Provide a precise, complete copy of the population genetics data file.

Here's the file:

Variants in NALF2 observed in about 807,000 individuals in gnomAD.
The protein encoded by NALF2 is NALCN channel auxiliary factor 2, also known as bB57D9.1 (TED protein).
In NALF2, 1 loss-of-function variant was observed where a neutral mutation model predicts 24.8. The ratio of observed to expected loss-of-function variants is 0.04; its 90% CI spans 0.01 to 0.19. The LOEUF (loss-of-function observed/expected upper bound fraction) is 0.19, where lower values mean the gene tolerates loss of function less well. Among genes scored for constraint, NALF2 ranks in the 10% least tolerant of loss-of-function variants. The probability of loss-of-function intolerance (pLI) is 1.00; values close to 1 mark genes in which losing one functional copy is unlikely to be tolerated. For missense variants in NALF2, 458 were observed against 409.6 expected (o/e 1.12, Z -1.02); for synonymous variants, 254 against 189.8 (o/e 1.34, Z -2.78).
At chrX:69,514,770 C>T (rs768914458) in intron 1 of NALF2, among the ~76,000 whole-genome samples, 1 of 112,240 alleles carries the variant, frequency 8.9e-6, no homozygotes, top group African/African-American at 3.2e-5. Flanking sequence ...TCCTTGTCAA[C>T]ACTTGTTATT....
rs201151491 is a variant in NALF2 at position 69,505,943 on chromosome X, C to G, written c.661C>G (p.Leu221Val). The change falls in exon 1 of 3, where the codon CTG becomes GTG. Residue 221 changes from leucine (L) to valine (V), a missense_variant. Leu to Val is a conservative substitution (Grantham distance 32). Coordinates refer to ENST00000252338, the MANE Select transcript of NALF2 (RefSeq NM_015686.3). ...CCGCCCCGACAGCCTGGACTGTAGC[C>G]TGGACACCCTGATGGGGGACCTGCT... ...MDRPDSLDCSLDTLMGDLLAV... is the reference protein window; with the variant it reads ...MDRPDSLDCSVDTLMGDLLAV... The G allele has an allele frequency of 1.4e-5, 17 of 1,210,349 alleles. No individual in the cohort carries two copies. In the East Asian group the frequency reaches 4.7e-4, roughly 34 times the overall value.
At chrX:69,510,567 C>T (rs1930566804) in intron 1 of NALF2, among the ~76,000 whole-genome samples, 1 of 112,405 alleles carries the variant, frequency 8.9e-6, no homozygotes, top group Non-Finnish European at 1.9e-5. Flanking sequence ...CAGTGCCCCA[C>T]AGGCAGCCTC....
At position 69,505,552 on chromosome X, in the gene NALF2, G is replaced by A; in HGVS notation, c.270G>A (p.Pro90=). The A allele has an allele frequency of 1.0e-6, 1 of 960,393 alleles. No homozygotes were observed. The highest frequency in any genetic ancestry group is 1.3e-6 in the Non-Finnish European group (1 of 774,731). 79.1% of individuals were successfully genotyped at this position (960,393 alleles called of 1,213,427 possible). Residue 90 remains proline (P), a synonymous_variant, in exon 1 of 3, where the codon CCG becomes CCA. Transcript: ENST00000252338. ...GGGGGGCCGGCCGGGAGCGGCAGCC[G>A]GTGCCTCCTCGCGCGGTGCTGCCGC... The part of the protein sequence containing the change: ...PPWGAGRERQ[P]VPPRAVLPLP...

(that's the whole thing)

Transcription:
Variants in NALF2 observed in about 807,000 individuals in gnomAD.
The protein encoded by NALF2 is NALCN channel auxiliary factor 2, also known as bB57D9.1 (TED protein).
In NALF2, 1 loss-of-function variant was observed where a neutral mutation model predicts 24.8. The ratio of observed to expected loss-of-function variants is 0.04; its 90% CI spans 0.01 to 0.19. The LOEUF (loss-of-function observed/expected upper bound fraction) is 0.19, where lower values mean the gene tolerates loss of function less well. Among genes scored for constraint, NALF2 ranks in the 10% least tolerant of loss-of-function variants. The probability of loss-of-function intolerance (pLI) is 1.00; values close to 1 mark genes in which losing one functional copy is unlikely to be tolerated. For missense variants in NALF2, 458 were observed against 409.6 expected (o/e 1.12, Z -1.02); for synonymous variants, 254 against 189.8 (o/e 1.34, Z -2.78).
At chrX:69,514,770 C>T (rs768914458) in intron 1 of NALF2, among the ~76,000 whole-genome samples, 1 of 112,240 alleles carries the variant, frequency 8.9e-6, no homozygotes, top group African/African-American at 3.2e-5. Flanking sequence ...TCCTTGTCAA[C>T]ACTTGTTATT....
rs201151491 is a variant in NALF2 at position 69,505,943 on chromosome X, C to G, written c.661C>G (p.Leu221Val). The change falls in exon 1 of 3, where the codon CTG becomes GTG. Residue 221 changes from leucine (L) to valine (V), a missense_variant. Leu to Val is a conservative substitution (Grantham distance 32). Coordinates refer to ENST00000252338, the MANE Select transcript of NALF2 (RefSeq NM_015686.3). ...CCGCCCCGACAGCCTGGACTGTAGC[C>G]TGGACACCCTGATGGGGGACCTGCT... ...MDRPDSLDCSLDTLMGDLLAV... is the reference protein window; with the variant it reads ...MDRPDSLDCSVDTLMGDLLAV... The G allele has an allele frequency of 1.4e-5, 17 of 1,210,349 alleles. No individual in the cohort carries two copies. In the East Asian group the frequency reaches 4.7e-4, roughly 34 times the overall value.
At chrX:69,510,567 C>T (rs1930566804) in intron 1 of NALF2, among the ~76,000 whole-genome samples, 1 of 112,405 alleles carries the variant, frequency 8.9e-6, no homozygotes, top group Non-Finnish European at 1.9e-5. Flanking sequence ...CAGTGCCCCA[C>T]AGGCAGCCTC....
At position 69,505,552 on chromosome X, in the gene NALF2, G is replaced by A; in HGVS notation, c.270G>A (p.Pro90=). The A allele has an allele frequency of 1.0e-6, 1 of 960,393 alleles. No homozygotes were observed. The highest frequency in any genetic ancestry group is 1.3e-6 in the Non-Finnish European group (1 of 774,731). 79.1% of individuals were successfully genotyped at this position (960,393 alleles called of 1,213,427 possible). Residue 90 remains proline (P), a synonymous_variant, in exon 1 of 3, where the codon CCG becomes CCA. Transcript: ENST00000252338. ...GGGGGGCCGGCCGGGAGCGGCAGCC[G>A]GTGCCTCCTCGCGCGGTGCTGCCGC... The part of the protein sequence containing the change: ...PPWGAGRERQ[P]VPPRAVLPLP...